In this paper, they present a  framework to enhance the accessibility of microblogging message. The proposed framework helps in improving the message representation by mapping the messages from an feature space which is unstructured to a semantically meaningful knowledge space8. First, in order to reduce the noise yet keep the key information as expressed in each message, we propose to use natural language processing (NLP) techniques to analyze the message and extract informative words and phrases. Then, to overcome the extreme sparsity of microblogging messages, we map the selected terms to structured concepts derived from external knowledge bases that are semantically rich9. Because of conducting feature selection to refine the feature space they were able to cluster all message accurately and generate humanly understandable labels efficiently from the related concept. 2.3  Data Sparseness    Most of the recent related work concentrates on the elimination of the problem of data sparseness. One instinctive solution to solve this is to increase the short text with additional information to make it like a large document of text.

Then the  algorithms for clustering or classification can be applied easily to it. As discussed in 2,3, 11 , their primary focus is on combining short text messages with web search engines such as Bing, Google to extract more information about the short text. In 12 Poschko said that if two hashtags co-occur in a tweet, then they are similar. With co-occurrence frequency as a distance measure, he created a clustered graph.

The other works on clustering text -related entities typically focus on a bag –of – words(BOW). BOW model takes all the words of entity followed by reduction of dimensionality. It makes clustering computationally feasible as in 15,16. As said in 4,5,13, more recent works focused on web searches and instead used data repositories.

One of the biggest data sources is Wikipedia. Short text messages can be strengthened with additional semantic knowledge by combining knowledge accessible within the Wikipedia For the classification of documents, given the document training data, the most well-known approaches start by assessing the words’ co-occurrence matrix versus documents. It is surely understood, in any case, such count matrices have the tendency to be excessively noisy and sparse, particularly when training data is moderately small. Subsequently, usually, the documents are depicted in a feature space that is high dimensional, which is the long way from optimal for algorithms of classification. 2.4 Feature DimensionalityA standard methodology to reduce the dimensionality of features is feature selection. In this methodology, one chooses a subset of words, utilizing some pre-defined paradigm, and as features, it uses only the chosen words for classification. In the task of information retrieval, other similar strategies for dimensionality reduction are  Latent Semantic Indexing (LSI) and Probabilistic LSI.

An alternative methodology is to minimize the feature dimensionality by gathering ‘similar’ words into a much smaller number of word groups and utilize these groups as features.2.5 Probabilistic Topic ModelsTo capture semantic similarity among words from the message they derived a  model of documents which learns word representations which is probabilistic. This component does not require labeled data and shares its foundation with probabilistic topic models such as LDA. The sentiment component of their model use sentiment annotations such that the words expressing a similar sentiment to have similar representations. It can ef?ciently learn parameters for the joint objective function using alternating maximization. The model which is presented does not capture information from the sentiments from the message.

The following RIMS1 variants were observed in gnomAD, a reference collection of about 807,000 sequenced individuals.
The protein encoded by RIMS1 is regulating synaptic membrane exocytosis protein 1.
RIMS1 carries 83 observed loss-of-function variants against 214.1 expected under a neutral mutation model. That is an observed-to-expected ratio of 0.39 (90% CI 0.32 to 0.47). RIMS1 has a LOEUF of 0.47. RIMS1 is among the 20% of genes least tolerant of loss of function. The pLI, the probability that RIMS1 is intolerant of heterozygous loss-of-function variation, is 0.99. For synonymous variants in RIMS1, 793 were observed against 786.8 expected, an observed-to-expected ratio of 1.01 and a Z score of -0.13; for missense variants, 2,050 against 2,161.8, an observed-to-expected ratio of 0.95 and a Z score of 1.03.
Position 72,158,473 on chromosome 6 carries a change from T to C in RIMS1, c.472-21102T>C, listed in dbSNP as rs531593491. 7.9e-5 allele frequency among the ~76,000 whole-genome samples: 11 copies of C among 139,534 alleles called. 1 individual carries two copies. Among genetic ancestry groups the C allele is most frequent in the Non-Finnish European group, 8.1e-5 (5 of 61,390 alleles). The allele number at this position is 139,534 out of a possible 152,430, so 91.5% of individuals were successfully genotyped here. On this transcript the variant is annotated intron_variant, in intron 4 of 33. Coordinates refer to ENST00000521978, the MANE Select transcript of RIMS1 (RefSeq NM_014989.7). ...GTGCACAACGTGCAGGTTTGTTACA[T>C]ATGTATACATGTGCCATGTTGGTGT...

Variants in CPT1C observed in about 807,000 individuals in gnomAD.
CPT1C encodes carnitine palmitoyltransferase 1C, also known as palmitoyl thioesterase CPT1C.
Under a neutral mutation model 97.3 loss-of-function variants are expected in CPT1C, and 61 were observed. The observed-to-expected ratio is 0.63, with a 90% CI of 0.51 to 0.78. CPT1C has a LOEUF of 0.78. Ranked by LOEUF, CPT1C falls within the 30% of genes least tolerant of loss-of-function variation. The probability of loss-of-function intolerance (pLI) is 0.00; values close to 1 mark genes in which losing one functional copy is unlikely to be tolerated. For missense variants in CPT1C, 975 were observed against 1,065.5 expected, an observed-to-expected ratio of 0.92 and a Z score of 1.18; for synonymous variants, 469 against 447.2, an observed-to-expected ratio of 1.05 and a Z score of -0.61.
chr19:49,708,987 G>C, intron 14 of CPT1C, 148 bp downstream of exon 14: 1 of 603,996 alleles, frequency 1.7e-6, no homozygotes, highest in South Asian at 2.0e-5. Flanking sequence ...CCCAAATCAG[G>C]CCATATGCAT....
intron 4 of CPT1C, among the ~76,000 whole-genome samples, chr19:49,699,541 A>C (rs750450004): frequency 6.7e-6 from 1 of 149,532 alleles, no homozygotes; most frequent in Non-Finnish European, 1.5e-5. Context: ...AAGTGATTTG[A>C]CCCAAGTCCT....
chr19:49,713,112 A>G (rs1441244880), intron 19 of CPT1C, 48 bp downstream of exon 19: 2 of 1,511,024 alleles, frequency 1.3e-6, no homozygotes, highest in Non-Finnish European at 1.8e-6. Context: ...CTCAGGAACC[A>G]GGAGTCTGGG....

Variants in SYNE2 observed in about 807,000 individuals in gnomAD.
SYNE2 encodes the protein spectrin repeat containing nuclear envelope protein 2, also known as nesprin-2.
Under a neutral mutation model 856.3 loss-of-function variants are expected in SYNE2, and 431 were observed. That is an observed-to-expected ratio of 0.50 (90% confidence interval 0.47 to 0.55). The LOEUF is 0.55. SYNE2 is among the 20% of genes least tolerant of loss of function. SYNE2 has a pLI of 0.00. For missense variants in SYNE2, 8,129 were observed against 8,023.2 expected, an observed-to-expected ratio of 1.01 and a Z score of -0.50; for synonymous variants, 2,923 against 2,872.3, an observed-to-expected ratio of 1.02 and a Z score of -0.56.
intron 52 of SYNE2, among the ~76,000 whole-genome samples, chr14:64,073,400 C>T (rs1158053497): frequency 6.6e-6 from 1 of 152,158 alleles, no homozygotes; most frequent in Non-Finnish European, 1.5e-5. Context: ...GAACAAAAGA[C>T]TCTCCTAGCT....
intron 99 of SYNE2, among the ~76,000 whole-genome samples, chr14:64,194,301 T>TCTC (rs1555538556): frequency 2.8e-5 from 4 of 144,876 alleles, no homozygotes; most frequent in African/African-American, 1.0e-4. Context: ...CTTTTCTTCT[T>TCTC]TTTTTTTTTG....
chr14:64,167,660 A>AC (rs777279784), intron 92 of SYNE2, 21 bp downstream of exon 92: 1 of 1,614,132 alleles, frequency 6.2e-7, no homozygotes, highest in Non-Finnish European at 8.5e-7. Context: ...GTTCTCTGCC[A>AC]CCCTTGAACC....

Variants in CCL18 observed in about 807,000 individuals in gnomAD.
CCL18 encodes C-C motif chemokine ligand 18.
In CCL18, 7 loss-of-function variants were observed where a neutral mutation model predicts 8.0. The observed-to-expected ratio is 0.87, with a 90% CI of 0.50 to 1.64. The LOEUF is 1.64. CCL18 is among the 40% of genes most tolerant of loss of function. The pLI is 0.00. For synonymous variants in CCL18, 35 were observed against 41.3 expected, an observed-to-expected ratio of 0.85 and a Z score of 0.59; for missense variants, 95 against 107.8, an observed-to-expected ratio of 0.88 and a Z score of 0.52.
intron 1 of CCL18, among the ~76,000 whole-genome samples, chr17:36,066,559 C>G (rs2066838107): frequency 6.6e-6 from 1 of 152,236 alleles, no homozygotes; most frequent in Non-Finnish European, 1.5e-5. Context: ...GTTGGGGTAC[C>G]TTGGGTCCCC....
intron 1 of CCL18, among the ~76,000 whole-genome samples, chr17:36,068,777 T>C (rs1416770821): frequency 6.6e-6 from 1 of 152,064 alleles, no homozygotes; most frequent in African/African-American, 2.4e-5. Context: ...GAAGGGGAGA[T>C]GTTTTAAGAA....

By applying the algorithm to documents will produce representations, where which are occurring together in documents, will be given similar representations. This approach which is unsupervised has no way of capturing which words are predictive of sentiment.1718 Much previous work in natural language processing achieves better representations by learning from multiple tasks (Collobert and Weston, 2008; Finkel and Manning, 2009). Following this theme, they introduced a second task to use labeled documents so that improve their model’s word representation.2.6 Hierarchical Dirichlet process (HDP) Each and every group of data being modeled with a mixture with the number of components which are open-ended and they are inferred automatically by the model. Further, the components can be shared across various groups and allow the dependencies across groups to be modeled effectively as well as conferring generalization to new groups.

Such clustering problems occur in practice, e.g. in the problem of topic discovery in document corpora. We report experimental results on three text corpora showing the effective and superior performance of the HDP over previous models.

  They considered the application which has hierarchical Bayesian ideas to a problem in “multi-task learning” where the “tasks” are clustering problems, and their goal is to share clusters among multiple, related clustering problems. We are motivated by the task of discovering topics in document corpora 19. A topic (i.e., a cluster) is a distribution across words while documents are viewed as distributions across topics.They wanted to discover various topics which are common across various multiple documents in the same corpus and also as across multiple corpora. Their work is based on a tool which is from nonparametric Bayesian analysis also called  (DP) mixture model 20. Skirting technical de?nitions for now, “nonparametric”.

3.TerminologiesBag Of Word: The bag-of-words model is a  representation which is used in NLP and IR. It is also known as the vector space model in which a text is represented as the bag of its words.The following shows a text document by using BOW.Given two text documents:(1) John likes to play games. Mary likes games too.(2) John also likes to watch series.